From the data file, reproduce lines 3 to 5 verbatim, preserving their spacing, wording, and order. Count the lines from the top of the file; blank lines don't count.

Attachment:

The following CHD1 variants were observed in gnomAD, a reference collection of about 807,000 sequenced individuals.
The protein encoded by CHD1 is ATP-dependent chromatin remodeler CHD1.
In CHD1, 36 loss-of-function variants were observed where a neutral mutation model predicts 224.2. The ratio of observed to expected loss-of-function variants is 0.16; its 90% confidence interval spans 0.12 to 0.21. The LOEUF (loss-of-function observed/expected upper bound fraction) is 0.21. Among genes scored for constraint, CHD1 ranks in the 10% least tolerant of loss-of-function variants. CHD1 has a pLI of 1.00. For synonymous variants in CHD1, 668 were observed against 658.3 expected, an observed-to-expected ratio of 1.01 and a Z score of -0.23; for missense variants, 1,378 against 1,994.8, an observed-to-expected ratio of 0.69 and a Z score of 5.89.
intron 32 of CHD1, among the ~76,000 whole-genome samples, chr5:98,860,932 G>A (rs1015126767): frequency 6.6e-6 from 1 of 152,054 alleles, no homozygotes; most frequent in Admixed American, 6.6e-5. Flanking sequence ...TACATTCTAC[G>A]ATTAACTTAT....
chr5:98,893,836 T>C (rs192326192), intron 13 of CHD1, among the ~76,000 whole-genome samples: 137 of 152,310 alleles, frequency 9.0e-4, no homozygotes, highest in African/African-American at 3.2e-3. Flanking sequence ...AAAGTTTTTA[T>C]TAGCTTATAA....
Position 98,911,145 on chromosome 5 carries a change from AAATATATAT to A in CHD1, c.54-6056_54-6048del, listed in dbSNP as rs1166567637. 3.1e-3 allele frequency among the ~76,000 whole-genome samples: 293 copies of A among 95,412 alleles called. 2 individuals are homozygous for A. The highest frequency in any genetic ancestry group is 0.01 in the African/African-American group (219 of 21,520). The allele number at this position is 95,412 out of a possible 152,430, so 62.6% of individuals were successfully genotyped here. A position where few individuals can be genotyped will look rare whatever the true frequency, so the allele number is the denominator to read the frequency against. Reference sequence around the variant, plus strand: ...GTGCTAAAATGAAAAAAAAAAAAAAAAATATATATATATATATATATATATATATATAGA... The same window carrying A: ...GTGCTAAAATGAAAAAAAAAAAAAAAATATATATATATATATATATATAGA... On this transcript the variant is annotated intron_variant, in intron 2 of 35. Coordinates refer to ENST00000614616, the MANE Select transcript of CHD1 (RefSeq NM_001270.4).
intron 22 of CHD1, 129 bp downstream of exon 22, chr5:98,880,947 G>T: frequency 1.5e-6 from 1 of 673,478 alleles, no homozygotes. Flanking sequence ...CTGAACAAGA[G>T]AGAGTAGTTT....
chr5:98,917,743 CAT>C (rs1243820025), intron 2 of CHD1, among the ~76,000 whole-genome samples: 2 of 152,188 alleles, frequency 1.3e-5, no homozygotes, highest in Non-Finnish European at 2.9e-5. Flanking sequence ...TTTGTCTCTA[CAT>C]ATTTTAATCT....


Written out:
In CHD1, 36 loss-of-function variants were observed where a neutral mutation model predicts 224.2. The ratio of observed to expected loss-of-function variants is 0.16; its 90% confidence interval spans 0.12 to 0.21. The LOEUF (loss-of-function observed/expected upper bound fraction) is 0.21. Among genes scored for constraint, CHD1 ranks in the 10% least tolerant of loss-of-function variants. CHD1 has a pLI of 1.00. For synonymous variants in CHD1, 668 were observed against 658.3 expected, an observed-to-expected ratio of 1.01 and a Z score of -0.23; for missense variants, 1,378 against 1,994.8, an observed-to-expected ratio of 0.69 and a Z score of 5.89.
intron 32 of CHD1, among the ~76,000 whole-genome samples, chr5:98,860,932 G>A (rs1015126767): frequency 6.6e-6 from 1 of 152,054 alleles, no homozygotes; most frequent in Admixed American, 6.6e-5. Flanking sequence ...TACATTCTAC[G>A]ATTAACTTAT....
chr5:98,893,836 T>C (rs192326192), intron 13 of CHD1, among the ~76,000 whole-genome samples: 137 of 152,310 alleles, frequency 9.0e-4, no homozygotes, highest in African/African-American at 3.2e-3. Flanking sequence ...AAAGTTTTTA[T>C]TAGCTTATAA....